Financial Advisors: Who can you trust?
Sometimes it is easier to learn which advisors you should avoid versus learning how to select the best advisors. This can be tougher than it sounds because good and bad advisors look and sound a lot alike.
Bad advisors are not bad people. They may have great personalities and are extremely likeable. Unfortunately, these character traits have nothing to do with competence or ethics.
Some of the most dangerous advisors are likeable and they possess exceptional sales skills. They are very skilled at convincing people that they are real advisors who put their client’s financial interests first.
So, who should you avoid getting financial advice from?
No one likes feeling like they might be taken advantage of and the financial services industry preys on the unsuspecting public.
However, there are pluses to working with a financial advisor. Good advisers help their clients stay the course, helping clients manage the psychological roller coaster ever-present when markets swing wildly during economic tumult. There are plenty of great advisers. But you have to look carefully for ones that aren’t just paid a commission to sell you products.
Much like you'd go to the doctor for health reasons—you may want to build a relationship with a "money doctor". Financial advisors often have the knowledge and experience in working with all sorts of financial products and services that you may not have the time to devote to learning. A great financial advisor will have many years of handling different sorts of complex financial and life situations and can use that experience to help you address your own unique needs and wants.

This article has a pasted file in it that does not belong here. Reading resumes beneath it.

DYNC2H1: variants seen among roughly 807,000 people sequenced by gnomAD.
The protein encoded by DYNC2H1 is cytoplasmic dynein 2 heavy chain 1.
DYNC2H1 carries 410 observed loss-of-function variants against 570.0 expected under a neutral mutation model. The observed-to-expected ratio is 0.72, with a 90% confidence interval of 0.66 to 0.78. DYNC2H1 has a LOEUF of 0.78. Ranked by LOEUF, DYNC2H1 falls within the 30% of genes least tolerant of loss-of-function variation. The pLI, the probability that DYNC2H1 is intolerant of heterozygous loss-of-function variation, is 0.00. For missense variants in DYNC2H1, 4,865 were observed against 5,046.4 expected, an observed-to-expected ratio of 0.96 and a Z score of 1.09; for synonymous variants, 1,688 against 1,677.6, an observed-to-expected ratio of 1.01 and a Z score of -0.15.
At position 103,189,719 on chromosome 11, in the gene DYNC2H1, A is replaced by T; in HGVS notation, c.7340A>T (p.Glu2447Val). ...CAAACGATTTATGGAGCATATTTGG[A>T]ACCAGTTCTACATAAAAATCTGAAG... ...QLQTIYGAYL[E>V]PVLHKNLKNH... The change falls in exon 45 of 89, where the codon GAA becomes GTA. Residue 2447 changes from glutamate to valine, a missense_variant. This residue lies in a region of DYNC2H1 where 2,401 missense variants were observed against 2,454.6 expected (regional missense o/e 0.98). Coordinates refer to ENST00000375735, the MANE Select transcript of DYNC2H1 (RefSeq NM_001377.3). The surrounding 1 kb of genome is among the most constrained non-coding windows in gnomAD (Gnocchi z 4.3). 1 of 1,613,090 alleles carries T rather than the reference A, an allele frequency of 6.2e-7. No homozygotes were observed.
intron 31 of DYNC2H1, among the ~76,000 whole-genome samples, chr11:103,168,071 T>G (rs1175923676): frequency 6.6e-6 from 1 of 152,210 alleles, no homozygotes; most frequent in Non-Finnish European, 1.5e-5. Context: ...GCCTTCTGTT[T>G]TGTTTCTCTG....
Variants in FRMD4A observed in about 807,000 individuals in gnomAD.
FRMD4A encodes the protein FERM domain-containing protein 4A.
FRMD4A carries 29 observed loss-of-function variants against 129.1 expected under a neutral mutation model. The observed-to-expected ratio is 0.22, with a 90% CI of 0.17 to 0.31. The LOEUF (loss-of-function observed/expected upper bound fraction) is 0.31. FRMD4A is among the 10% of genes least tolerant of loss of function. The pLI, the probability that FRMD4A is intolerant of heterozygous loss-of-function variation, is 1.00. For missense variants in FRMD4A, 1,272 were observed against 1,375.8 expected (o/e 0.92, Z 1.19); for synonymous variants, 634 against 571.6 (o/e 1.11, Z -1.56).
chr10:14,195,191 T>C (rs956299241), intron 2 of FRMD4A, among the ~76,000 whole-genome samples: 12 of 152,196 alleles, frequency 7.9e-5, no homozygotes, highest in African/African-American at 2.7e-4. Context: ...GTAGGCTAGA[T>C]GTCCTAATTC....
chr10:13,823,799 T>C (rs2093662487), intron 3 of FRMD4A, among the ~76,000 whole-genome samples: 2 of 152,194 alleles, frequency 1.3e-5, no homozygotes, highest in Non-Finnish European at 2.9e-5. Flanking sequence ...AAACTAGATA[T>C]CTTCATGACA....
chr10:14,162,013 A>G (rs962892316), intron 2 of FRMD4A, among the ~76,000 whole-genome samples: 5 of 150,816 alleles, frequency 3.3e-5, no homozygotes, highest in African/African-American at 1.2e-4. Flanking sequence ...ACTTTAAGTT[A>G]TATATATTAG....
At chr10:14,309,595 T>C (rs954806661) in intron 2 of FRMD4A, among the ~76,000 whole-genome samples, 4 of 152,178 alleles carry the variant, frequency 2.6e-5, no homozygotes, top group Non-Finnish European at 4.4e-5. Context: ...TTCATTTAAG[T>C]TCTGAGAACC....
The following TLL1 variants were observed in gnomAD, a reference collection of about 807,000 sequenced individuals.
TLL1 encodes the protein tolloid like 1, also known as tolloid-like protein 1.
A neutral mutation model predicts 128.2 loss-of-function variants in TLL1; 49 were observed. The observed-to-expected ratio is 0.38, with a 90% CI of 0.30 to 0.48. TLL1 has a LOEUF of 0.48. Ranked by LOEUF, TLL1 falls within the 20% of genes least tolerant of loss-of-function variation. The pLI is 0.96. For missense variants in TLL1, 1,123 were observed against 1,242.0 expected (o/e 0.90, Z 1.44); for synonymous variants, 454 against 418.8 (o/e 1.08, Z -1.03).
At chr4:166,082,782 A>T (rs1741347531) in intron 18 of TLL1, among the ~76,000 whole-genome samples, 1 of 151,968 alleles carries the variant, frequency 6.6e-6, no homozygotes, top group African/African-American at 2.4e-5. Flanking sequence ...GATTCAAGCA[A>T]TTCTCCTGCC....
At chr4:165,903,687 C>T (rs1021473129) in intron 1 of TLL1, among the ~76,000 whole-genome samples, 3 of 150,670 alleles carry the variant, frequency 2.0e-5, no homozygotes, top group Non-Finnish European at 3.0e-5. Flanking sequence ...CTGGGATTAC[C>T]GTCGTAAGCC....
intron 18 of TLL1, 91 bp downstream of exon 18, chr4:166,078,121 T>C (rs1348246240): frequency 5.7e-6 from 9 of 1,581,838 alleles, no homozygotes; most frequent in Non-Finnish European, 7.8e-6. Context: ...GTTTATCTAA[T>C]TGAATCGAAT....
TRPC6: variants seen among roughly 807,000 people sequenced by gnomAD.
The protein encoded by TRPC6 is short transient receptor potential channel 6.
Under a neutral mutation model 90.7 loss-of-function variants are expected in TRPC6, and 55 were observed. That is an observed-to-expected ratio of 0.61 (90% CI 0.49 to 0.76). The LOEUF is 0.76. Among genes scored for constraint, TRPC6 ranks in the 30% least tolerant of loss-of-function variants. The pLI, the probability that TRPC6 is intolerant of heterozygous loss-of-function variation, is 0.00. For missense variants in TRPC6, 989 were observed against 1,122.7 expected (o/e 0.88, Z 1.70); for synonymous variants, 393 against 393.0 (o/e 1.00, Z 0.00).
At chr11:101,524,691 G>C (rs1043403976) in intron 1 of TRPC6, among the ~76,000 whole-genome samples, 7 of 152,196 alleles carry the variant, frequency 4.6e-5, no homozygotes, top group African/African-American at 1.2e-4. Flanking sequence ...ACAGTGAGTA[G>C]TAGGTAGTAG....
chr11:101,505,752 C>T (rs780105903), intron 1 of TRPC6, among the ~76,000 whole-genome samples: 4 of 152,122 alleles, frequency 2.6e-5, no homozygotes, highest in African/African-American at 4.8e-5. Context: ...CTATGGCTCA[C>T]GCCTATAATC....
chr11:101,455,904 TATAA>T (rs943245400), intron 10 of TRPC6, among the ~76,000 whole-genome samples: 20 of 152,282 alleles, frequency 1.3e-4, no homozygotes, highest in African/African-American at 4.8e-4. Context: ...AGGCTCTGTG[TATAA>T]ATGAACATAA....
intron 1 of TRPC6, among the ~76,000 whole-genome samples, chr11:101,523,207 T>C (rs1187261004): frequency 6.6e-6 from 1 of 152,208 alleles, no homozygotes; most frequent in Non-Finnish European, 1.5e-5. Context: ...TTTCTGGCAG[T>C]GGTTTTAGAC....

However, in the end, the conflicts of interest in dealing with an advisor are a huge distraction from getting the financial help you need to be successful. If advisors are not making money for their company, they are not an asset to the firm. This means if they are not gaining clients and bringing in money management fees and commissions, they will surely lose their job.
This means that “sales skills” are the premium at financial institution, not necessarily financial acumen. And, the customer is the one who always pays the price.
I understand that people choose salespeople that they know, like, and trust.
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ABOUT THE AUTHOR
As a Certified Financial Education Instructor and Certified Life Coach, Joe is a bestselling author and a leader in the financial services industry who is on a personal mission to help millions of “Middle-class Americans” dramatically improve their financial well-being.
He was previously the featured columnist for www.Money.net, has recently published a book titled: MoneyRx: Your Prescription for Financial Success (available on Amazon.com) and also posts a weekly blog at www.moneyrx.net. Joe is also a featured speaker for the Personal Finance Speakers Association (www.financialeducatorscouncil.org/joseph-newtz/).